The Hardest Thing to Learn to do in a Fight is Relax!

The hardest thing to learn to do in a fight is to relax! This is one of the first things I tell beginners and its one of the most difficult skills for beginner BJJ students to learn. The most common mistake I see beginners make is flexing all of their muscles and getting tight, jaw clenched, and breathing erratically. No matter what position they are working from their entire body is clenched and they are breathing heavy. If they are on the bottom, they are using every muscle possible to push you off. If they are on top, again every muscle is working to hold you down. Rolling like this is exhausting, no matter how great a shape you are in. Even a professionally conditioned athlete will fatigue in a minute or two.

The highest level fighters have the ability to relax during a fight and only use energy when it is necessary to strike or finish a technique.  The good news is, this skill applies to grappling and you can learn this skill too. The following tips will help you learn to relax while grappling:

  1. Only flex muscles that are in use. Muscles that are not in use should be relaxed and resting. The easiest way to demonstrate this is through punching. Stand in front of a heavy bag or punching bag. Now make tight fists in each hand, clench your jaw, tense up your shoulders and then throw as many punches as you can for 20 seconds. After the 20 seconds is up and while you are resting note the stress and strain you feel in your jaw, shoulders, hands, wrists, and forearms. Also note that none of these muscles are helping you punch faster or harder. Once you are rested try the exercise again with loose relaxed hands, jaw and shoulders. Allow your hands to naturally curl and only clench them in the split second before your fist hits the bag. Not only will you use much less energy, your arms won’t get as tired and your punches will be faster and harder! Now apply this to any BJJ techniques that you like and rep it!!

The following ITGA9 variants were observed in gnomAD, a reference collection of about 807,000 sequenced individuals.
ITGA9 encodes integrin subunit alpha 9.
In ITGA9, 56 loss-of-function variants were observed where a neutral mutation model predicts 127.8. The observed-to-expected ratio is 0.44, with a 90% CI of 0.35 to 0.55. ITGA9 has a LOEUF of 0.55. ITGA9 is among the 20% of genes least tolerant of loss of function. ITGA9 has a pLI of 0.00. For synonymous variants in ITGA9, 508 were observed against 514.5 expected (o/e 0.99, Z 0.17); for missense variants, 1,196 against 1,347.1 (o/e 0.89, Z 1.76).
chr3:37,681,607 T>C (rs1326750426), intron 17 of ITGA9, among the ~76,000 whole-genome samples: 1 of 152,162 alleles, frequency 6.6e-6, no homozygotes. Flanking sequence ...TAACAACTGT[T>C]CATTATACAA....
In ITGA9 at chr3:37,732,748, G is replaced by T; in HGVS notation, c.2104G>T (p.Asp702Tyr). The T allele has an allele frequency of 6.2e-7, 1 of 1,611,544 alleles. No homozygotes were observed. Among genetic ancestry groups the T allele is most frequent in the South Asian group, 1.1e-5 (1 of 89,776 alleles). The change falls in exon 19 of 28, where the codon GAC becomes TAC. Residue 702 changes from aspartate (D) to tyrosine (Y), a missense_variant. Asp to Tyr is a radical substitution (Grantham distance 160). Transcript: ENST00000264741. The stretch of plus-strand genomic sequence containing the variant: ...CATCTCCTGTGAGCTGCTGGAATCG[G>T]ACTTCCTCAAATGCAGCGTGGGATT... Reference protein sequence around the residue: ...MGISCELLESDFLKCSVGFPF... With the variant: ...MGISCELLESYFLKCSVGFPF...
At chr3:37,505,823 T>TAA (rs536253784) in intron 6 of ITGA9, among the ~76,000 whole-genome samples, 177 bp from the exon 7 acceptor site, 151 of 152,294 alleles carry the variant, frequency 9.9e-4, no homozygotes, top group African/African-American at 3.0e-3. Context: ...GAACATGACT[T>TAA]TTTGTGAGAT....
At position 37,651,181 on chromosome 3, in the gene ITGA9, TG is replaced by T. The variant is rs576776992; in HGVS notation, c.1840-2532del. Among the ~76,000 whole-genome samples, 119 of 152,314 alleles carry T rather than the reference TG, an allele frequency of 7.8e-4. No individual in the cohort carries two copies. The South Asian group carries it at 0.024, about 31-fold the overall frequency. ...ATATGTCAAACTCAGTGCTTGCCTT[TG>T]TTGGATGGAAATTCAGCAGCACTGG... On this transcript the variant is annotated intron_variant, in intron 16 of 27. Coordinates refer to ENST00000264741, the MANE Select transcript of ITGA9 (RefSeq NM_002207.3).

2. Slow down and check your breathing. In fighting there is an axiom that states, “Slow is smooth and smooth is fast.” When repping techniques think about the movements you are going to make and execute them as smoothly as possible. Also check your breathe, are you holding your breathe throughout the technique? Have an upper belt or instructor help you eliminate wasted movements and tighten up the technique. At first, it will be difficult to slow down because your instinct is to fight as fast as you can. However, by slowing down you will increase the fluidity of your movements and naturally increase your speed without adding fatigue.
  3. Drill techniques until they are automatic. Muscle memory is commonly defined as the “ability of your mind to capture a particular activity or movement”. Muscle memory is developed by practicing the same activity time and again. No matter what the technique is, you develop muscle memory by regular and consistent training. After some time your body and mind automatically take over and accomplish the task without you having to think about it. Brazilian Jiu-Jitsu can be like this for you if you rep techniques relaxed and smoothly.
  4. Practice what the Gracie’s call “Minimalist Jiu-Jitsu. Your mind can be overloaded with options which will slow your reaction time. The Gracie’s suggest that you narrow the number of moves you are going to use from any position. Also, avoid adding a new technique for 3-4 months. By narrowing your focus you will actually greatly improve your efficiency and fluidity. Continue to rep techniques to a core set of moves and you will quickly reap the benefits of an improved game.

So to recap, Relax, Slow down and Breathe, Drill, and Practice a limited number of techniques. And as always, have fun with it!

I’ll see you on the mat!


Wayne Spinola is an instructor at Open Guard Brazilian Jiu-Jitsu and Kickboxing.


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